Polymer clay is, in my opinion, practically a universal material with limitless possibilities for sculpturing. At present there are many kinds of polymer clay made by various manufacturers. I have tried them all and I can tell you that for sure the best clay is Living Doll by Polyform (Super Sculpey® Living Doll by Polyfom). It is the most convenient for sculpturing, being soft enough that the elements can be joined together without seams, but it is hard enough to keep its shape. It bakes wonderfully; it does not melt slightly (like Cernit, for example), which is particularly important in complex, detailed, small-sized sculptures. Furthermore, it does not crack or form plaques as sometimes happens with e.g. Fimo. Apart from that, this clay easily withstands multiple baking and practically does not change color, and this is very important, especially if you paint your doll with Genesis heat set paint. After baking, the surface comes out very nice, especially in the case of the light-beige Living Doll. Living Doll clay is produced in several colors: brown, beige, pinkish-beige and light beige. The beige color after baking becomes somewhat translucent, which makes it similar to human skin, but the color itself is a bit dark. Occasionally I mix it with the light beige to obtain the right shade. But in general, I prefer a lighter hue. The light-beige Living Doll has the best color after baking, although it is not translucent. It also withstands repeated baking better than others. I would also like to mention another type of polymer clay made by the same company (Polyform); this is called Super Sculpey Firm. It is harder and gray, and it is very convenient for creating models for casting in different materials or for casting in polymer clay. (By the way, I make forms for polymer clay from a material specially designed for it, by the same Polyform company, called Mold Maker). Gray clay is excellent for sculpturing exercises, because it does not get dirty, all the smallest details of sculpture can be seen very clearly on it, and if you don’t bake it, you can reuse it many times. When working with Living Doll I always use special clay softener and liquid polymer clay (Translucent Liquid Sculpey). I use Clay Softener for softening clay that is too hard. In general, Living Doll has no expiration date, but if you store it for more than three years, it tends to harden. In this case it is enough to knead it with a small amount of clay softener to bring its former texture back. Clay softener is also necessary when a sculpture is made in several stages (with interjacent baking), to obtain invisible and durable joining of baked and raw elements.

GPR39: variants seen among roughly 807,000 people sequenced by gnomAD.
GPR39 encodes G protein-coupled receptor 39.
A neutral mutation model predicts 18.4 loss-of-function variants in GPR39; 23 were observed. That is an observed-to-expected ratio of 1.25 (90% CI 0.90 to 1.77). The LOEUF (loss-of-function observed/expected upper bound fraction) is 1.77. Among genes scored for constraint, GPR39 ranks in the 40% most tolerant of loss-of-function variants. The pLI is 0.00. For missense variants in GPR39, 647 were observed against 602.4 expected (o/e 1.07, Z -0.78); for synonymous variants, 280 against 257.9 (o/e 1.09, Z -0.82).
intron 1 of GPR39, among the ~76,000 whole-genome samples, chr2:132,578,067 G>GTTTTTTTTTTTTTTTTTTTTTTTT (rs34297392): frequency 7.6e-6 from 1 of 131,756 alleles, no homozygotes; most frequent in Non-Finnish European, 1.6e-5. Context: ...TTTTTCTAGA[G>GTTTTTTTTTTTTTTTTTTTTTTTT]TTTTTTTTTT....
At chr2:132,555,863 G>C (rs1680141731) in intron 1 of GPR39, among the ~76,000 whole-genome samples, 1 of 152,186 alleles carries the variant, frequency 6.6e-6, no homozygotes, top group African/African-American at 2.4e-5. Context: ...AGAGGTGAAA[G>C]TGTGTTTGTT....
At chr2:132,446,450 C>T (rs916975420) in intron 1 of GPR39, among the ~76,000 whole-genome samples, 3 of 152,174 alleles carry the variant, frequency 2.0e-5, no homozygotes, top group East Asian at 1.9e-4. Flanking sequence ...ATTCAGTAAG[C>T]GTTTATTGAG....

Liquid clay is necessary for creating different textures in a sculpture. Apart from that, I use it for fixing cracks which can still, albeit very rarely, occur while transporting dolls. When painting dolls, liquid clay can be used for creating the effect of enamel, stained glass, etc.
Polymer clay is a chameleon-like material. It not only looks beautiful in itself, it can also imitate dozens of other materials. Of course it is not easy to work with polymer clay. Nevertheless, I feel strongly that by learning to make dolls particularly from this type of clay, a beginning dollmaker will manage to learn much more, both from a technical and from an artistic point of view, than if they were working with any other modern clay.
It seems no one today would dispute that dolls are a form of art. However, the question of what is considered as art doll remains a subject of heated debate.
I believe that the main feature that distinguishes art doll from an artisan doll is not so much the technical perfection, but rather the translation quality. The quality of how it translates the artistic conception, the idea into the language of shapes, colors and textures. One can judge any work to be an artistic creation only if it is made according to the rules of art, that is, if it is designed with the aid of composition, color, texture, etc.
If we take Michelangelo as a starting point, for example, then from such a height one cannot see much qualitative difference between the best doll-maker in the world and the clumsiest beginner. Nevertheless, some dolls have something in common with the works of the great sculptor while others don’t. This is a general matter of using the elements of art in a meaningful way to create the image. Of course, by itself it doesn’t guarantee that something will automatically fall into the category of “art”. But any work that doesn’t have a meaningful composition and color solutions, cannot be a work of art for sure.
The “aesthetic value” of a work of art is something quite relative, and it changes as time goes by. However, with some preparation beforehand, it is completely possible to objectively evaluate the quality of a composition, design solutions, use of color, and so on.
Working on a doll, like with any other work of art, begins with an artistic conception, that is, the formation of the very idea in the artist’s mind. It does not necessarily have to be complicated, but it should contain the kernel of the doll’s image, a certain something that could only be expressed visually. For example, “an old lady with spectacles” is not an artistic conception, but a “winter night”, “gossip” (where the image of an old woman could also serve as the basis) are already certain ideas. A conception is something that reflects the personality of the artist, it is the world as it is filtered through his or her soul. If there is no conception, no idea, the choice of the elements of art
will inevitably be a random one. You can sculpt a very pretty face, spend days on the embroidery, use antique lace, age and decorate the fabrics you use, fanatically shape every little wrinkle, but if all these elements don’t work in the image, then the doll will remain merely an exercise in technique.